Tuesday, November 17, 2009

Outing, Part Deux

We've already discussed the Oliver Sipple principle.

The principle being that I have no intention of disclosing the names of women currently in the Center (or out of the Center for that matter) who have been implicated in Guru's sex ring.

Like most rules, however, the Sipple principle admits an exception.

In the gay rights context, it seems that most people don't have a big problem "outing" a person's private sexual orientation when hypocrisy is involved.

The cleanest example of this would be a right-wing, "family values" politician who actively works against the interests of gays, but in private is a closeted homosexual.

That's hypocritical.

In cases like that, there doesn't appear to be a groundswell of sympathy for keeping the hypocritical politician's private life private. Better to out him.

The exception applies here, too.

It's one thing for our sister disciples to be going about the tough business of trying to lead a life in the Center while privately grappling with the pain of their own abuse.

It's quite another for any of these victims of Guru's sexual abuse to actively work in concert with the Center to tear down the reputations of the courageous women who have thus far spoken out or to actively deceive current disciples about what they themselves know to be true.

Though I hope it never comes to that, such women should be outed.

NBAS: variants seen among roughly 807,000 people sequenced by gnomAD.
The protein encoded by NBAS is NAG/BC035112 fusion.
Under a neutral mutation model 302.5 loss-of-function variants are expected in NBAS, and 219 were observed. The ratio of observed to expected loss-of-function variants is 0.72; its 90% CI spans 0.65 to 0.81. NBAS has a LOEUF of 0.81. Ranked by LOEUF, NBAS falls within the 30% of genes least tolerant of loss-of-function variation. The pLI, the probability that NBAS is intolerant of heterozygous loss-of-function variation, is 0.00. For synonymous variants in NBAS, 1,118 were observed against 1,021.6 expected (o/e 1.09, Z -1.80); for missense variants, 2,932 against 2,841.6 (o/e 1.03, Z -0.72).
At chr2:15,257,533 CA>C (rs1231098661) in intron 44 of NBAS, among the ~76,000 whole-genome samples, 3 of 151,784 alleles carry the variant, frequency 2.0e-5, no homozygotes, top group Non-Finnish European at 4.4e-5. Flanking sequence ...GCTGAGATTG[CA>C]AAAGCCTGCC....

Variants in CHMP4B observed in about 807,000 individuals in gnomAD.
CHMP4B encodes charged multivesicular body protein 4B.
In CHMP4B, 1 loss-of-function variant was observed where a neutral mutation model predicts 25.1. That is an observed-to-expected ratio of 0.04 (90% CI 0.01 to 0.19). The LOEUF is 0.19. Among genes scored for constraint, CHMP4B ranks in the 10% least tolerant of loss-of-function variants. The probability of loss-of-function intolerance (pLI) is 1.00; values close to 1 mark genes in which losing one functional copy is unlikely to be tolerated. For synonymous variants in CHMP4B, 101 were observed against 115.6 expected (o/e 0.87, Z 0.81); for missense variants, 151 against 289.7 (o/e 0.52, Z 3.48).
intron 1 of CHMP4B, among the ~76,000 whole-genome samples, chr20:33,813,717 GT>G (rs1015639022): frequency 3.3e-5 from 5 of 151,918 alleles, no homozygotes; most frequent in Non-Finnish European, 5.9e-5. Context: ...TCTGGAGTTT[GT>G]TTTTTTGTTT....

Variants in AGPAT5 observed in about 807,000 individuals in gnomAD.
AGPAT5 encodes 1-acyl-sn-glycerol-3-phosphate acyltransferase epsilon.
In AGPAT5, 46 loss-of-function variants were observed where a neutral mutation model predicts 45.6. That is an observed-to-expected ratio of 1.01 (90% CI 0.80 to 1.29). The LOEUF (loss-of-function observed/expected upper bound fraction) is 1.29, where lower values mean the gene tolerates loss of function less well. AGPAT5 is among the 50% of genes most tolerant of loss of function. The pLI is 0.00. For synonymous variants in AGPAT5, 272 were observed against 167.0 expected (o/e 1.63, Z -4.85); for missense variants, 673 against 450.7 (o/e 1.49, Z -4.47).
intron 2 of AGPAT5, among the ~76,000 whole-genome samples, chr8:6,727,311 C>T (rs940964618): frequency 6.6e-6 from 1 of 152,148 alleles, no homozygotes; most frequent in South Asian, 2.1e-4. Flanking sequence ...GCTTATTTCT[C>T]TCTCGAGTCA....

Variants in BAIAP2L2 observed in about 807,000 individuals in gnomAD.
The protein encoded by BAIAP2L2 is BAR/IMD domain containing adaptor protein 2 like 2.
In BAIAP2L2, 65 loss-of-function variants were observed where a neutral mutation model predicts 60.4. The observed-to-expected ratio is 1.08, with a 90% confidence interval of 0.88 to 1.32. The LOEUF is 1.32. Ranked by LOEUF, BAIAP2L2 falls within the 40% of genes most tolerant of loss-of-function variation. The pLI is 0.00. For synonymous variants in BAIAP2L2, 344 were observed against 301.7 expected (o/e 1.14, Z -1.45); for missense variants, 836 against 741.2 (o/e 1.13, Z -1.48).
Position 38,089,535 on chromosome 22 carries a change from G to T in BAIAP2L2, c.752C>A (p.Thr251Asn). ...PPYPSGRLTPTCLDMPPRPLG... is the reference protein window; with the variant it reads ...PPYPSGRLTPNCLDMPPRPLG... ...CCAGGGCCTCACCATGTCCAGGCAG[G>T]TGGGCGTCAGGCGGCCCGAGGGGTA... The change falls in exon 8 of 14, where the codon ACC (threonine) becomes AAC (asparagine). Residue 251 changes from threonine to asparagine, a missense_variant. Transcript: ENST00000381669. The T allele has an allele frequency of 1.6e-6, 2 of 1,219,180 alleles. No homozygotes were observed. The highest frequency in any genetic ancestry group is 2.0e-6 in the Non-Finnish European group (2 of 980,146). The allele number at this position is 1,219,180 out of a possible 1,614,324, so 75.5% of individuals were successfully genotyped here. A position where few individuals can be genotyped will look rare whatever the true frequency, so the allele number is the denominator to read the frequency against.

What I'd really like to see -- and what I've blogged about before -- is someone, anyone, to stand up for the truth, to stand up for what's right, even if it means paying a personal price for doing so. That's what I'd like to see.

It's really the flip side to the much more common phenomena of going along with the crowd, of not rocking the boat, of standing by while others get hurt.

A lot of research has gone into what makes people compliant to authority, even when that authority asks the individual to do something wrong, even when the order requires the individual to hurt someone else. Preeminent among such research is the work done by Professor Philip G. Zimbardo.

Professor Zimbardo is famous for the 1971 Stanford prison experiment. In that study, Prof. Zimbardo demonstrated how ordinary people can be corrupted by the roles they play and the environment in which they work. He's written a relatively new book called The Lucifer Effect on the subject, but it's the flip side of this research that I'm more interested in here.

The antidote for this evil of our general willingness to go along with whatever is dictated to us from the authority figure even at the expense of fellow human beings is what Prof. Zimbardo calls the "heroic imagination."

The idea seems to be that if one's own personal psychological narrative is that "I'm a hero in waiting" -- waiting for an opportunity to stand up to the "man" even at personal cost to oneself -- then the chance that you'll cave under pressure from authority or peer pressure is minimized.

Honestly, I'll be doing you a great disservice to write any more about this.

Take 25 minutes and watch Prof. Zimbardo's talk to the audience at TED. (And if you haven't yet discovered TED, take some time there and explore some of the wonderful talks available there.)

It is particularly relevant to our experiences in the Center and the current situation facing all of us.